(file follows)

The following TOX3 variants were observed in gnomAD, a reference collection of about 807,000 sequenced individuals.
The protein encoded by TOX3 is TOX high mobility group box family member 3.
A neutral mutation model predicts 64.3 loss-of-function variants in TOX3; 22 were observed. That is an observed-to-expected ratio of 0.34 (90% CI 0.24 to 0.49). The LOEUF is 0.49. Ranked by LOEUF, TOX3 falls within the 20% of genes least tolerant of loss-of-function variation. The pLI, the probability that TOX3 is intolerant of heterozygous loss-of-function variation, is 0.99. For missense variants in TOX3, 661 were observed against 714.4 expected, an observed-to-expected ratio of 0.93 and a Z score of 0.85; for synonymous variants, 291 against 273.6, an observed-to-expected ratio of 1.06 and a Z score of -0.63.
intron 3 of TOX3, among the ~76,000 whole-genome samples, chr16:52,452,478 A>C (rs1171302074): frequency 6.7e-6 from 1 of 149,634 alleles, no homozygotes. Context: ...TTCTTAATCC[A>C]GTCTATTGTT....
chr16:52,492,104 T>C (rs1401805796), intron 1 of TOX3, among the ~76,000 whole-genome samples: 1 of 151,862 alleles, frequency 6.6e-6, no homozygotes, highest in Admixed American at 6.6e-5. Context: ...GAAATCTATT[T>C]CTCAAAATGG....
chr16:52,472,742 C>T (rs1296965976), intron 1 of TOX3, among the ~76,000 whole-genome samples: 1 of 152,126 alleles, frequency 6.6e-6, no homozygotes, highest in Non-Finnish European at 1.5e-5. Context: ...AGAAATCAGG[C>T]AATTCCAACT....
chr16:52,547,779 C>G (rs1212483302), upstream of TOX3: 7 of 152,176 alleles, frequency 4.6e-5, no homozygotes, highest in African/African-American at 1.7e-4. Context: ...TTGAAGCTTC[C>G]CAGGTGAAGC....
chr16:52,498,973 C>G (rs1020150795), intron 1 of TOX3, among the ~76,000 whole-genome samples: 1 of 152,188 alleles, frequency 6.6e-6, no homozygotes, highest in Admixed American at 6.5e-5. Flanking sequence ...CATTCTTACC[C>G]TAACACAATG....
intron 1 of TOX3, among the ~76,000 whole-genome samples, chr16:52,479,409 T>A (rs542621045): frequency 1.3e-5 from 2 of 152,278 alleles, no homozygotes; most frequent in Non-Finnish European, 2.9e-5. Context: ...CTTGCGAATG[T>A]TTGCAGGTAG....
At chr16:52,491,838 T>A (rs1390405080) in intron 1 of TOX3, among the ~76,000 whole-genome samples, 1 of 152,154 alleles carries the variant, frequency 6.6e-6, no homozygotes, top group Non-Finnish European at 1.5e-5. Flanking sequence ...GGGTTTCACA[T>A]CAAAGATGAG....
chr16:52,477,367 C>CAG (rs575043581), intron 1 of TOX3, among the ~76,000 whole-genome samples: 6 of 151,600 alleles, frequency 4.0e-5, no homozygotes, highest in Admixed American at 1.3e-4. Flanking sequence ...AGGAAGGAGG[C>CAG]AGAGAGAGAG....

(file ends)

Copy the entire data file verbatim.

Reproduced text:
The following TOX3 variants were observed in gnomAD, a reference collection of about 807,000 sequenced individuals.
The protein encoded by TOX3 is TOX high mobility group box family member 3.
A neutral mutation model predicts 64.3 loss-of-function variants in TOX3; 22 were observed. That is an observed-to-expected ratio of 0.34 (90% CI 0.24 to 0.49). The LOEUF is 0.49. Ranked by LOEUF, TOX3 falls within the 20% of genes least tolerant of loss-of-function variation. The pLI, the probability that TOX3 is intolerant of heterozygous loss-of-function variation, is 0.99. For missense variants in TOX3, 661 were observed against 714.4 expected, an observed-to-expected ratio of 0.93 and a Z score of 0.85; for synonymous variants, 291 against 273.6, an observed-to-expected ratio of 1.06 and a Z score of -0.63.
intron 3 of TOX3, among the ~76,000 whole-genome samples, chr16:52,452,478 A>C (rs1171302074): frequency 6.7e-6 from 1 of 149,634 alleles, no homozygotes. Context: ...TTCTTAATCC[A>C]GTCTATTGTT....
chr16:52,492,104 T>C (rs1401805796), intron 1 of TOX3, among the ~76,000 whole-genome samples: 1 of 151,862 alleles, frequency 6.6e-6, no homozygotes, highest in Admixed American at 6.6e-5. Context: ...GAAATCTATT[T>C]CTCAAAATGG....
chr16:52,472,742 C>T (rs1296965976), intron 1 of TOX3, among the ~76,000 whole-genome samples: 1 of 152,126 alleles, frequency 6.6e-6, no homozygotes, highest in Non-Finnish European at 1.5e-5. Context: ...AGAAATCAGG[C>T]AATTCCAACT....
chr16:52,547,779 C>G (rs1212483302), upstream of TOX3: 7 of 152,176 alleles, frequency 4.6e-5, no homozygotes, highest in African/African-American at 1.7e-4. Context: ...TTGAAGCTTC[C>G]CAGGTGAAGC....
chr16:52,498,973 C>G (rs1020150795), intron 1 of TOX3, among the ~76,000 whole-genome samples: 1 of 152,188 alleles, frequency 6.6e-6, no homozygotes, highest in Admixed American at 6.5e-5. Flanking sequence ...CATTCTTACC[C>G]TAACACAATG....
intron 1 of TOX3, among the ~76,000 whole-genome samples, chr16:52,479,409 T>A (rs542621045): frequency 1.3e-5 from 2 of 152,278 alleles, no homozygotes; most frequent in Non-Finnish European, 2.9e-5. Context: ...CTTGCGAATG[T>A]TTGCAGGTAG....
At chr16:52,491,838 T>A (rs1390405080) in intron 1 of TOX3, among the ~76,000 whole-genome samples, 1 of 152,154 alleles carries the variant, frequency 6.6e-6, no homozygotes, top group Non-Finnish European at 1.5e-5. Flanking sequence ...GGGTTTCACA[T>A]CAAAGATGAG....
chr16:52,477,367 C>CAG (rs575043581), intron 1 of TOX3, among the ~76,000 whole-genome samples: 6 of 151,600 alleles, frequency 4.0e-5, no homozygotes, highest in Admixed American at 1.3e-4. Flanking sequence ...AGGAAGGAGG[C>CAG]AGAGAGAGAG....